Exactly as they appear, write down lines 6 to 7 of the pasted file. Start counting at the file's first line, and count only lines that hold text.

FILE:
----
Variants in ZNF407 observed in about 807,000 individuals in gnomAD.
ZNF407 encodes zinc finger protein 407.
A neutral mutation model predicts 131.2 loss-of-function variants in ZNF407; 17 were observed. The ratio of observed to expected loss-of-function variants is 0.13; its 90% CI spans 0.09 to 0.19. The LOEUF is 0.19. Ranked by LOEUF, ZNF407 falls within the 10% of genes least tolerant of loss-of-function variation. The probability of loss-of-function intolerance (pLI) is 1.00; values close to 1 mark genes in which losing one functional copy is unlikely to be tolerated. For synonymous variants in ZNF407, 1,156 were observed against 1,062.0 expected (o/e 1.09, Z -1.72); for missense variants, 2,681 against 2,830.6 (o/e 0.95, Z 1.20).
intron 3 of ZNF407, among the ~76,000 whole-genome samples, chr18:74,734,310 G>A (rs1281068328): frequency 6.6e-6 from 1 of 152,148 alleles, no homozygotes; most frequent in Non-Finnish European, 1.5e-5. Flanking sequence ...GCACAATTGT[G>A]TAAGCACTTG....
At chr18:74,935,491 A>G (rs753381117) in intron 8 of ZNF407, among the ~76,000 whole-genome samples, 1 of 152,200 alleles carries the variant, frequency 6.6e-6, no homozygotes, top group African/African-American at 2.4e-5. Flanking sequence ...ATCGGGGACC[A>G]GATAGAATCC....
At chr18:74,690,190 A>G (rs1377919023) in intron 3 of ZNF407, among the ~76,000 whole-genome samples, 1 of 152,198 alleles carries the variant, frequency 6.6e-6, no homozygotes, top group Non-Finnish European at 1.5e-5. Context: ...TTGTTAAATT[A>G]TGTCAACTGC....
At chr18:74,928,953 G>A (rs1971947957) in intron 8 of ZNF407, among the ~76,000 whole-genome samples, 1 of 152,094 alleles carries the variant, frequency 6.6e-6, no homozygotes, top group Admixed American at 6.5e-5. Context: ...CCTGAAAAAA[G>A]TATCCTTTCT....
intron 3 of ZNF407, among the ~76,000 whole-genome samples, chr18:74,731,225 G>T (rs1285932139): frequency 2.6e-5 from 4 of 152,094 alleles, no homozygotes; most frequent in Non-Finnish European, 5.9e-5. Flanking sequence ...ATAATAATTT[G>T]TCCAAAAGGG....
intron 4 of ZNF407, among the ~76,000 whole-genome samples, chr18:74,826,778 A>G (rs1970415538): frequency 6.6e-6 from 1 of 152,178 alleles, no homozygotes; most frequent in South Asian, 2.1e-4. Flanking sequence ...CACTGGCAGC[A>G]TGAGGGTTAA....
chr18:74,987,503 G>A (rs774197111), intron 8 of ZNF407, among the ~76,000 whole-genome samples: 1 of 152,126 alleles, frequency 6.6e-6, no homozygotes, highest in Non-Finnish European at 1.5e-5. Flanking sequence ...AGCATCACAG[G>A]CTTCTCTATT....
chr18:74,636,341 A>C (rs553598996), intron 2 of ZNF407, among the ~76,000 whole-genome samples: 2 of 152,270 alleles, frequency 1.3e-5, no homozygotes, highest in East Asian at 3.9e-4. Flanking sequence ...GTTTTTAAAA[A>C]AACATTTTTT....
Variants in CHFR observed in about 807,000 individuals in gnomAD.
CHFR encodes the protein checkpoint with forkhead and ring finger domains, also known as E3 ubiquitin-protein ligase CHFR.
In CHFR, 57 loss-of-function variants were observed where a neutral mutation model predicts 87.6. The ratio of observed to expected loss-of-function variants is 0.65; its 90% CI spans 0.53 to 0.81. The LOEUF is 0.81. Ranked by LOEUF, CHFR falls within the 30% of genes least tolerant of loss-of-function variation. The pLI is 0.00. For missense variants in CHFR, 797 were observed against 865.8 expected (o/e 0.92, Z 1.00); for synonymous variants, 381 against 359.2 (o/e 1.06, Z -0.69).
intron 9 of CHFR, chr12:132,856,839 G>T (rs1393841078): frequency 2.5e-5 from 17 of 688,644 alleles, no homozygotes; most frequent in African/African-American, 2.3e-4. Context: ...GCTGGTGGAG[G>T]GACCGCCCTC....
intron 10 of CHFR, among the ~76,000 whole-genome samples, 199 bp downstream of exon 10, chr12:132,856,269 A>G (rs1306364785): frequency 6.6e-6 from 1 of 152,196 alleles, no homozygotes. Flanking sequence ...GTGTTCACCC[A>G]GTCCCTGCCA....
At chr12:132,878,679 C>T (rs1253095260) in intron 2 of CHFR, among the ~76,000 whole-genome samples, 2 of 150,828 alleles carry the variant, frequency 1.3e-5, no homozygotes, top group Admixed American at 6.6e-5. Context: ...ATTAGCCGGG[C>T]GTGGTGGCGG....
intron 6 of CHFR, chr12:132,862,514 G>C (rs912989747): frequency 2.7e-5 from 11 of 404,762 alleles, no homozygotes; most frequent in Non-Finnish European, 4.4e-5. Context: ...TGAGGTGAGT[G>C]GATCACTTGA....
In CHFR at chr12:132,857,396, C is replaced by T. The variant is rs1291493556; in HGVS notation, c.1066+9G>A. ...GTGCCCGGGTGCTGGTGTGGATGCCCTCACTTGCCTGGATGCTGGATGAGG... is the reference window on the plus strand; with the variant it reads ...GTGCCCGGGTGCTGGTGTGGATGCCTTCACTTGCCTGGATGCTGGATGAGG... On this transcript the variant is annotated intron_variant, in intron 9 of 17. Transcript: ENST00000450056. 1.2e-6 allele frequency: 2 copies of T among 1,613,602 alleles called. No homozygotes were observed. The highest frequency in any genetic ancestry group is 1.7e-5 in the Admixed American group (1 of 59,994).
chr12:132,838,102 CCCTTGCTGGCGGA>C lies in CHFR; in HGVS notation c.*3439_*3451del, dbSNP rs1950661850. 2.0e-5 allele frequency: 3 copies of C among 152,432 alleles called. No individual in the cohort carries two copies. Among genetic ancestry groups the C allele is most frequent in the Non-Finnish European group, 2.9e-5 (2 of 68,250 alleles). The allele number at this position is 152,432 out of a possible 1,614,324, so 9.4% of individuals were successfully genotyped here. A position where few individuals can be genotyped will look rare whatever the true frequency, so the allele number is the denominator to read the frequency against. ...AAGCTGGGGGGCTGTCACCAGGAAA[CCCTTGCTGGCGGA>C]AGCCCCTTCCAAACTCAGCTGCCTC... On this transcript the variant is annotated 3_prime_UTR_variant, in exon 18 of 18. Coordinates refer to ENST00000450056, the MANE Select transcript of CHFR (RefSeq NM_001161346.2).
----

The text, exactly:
At chr18:74,690,190 A>G (rs1377919023) in intron 3 of ZNF407, among the ~76,000 whole-genome samples, 1 of 152,198 alleles carries the variant, frequency 6.6e-6, no homozygotes, top group Non-Finnish European at 1.5e-5. Context: ...TTGTTAAATT[A>G]TGTCAACTGC....
At chr18:74,928,953 G>A (rs1971947957) in intron 8 of ZNF407, among the ~76,000 whole-genome samples, 1 of 152,094 alleles carries the variant, frequency 6.6e-6, no homozygotes, top group Admixed American at 6.5e-5. Context: ...CCTGAAAAAA[G>A]TATCCTTTCT....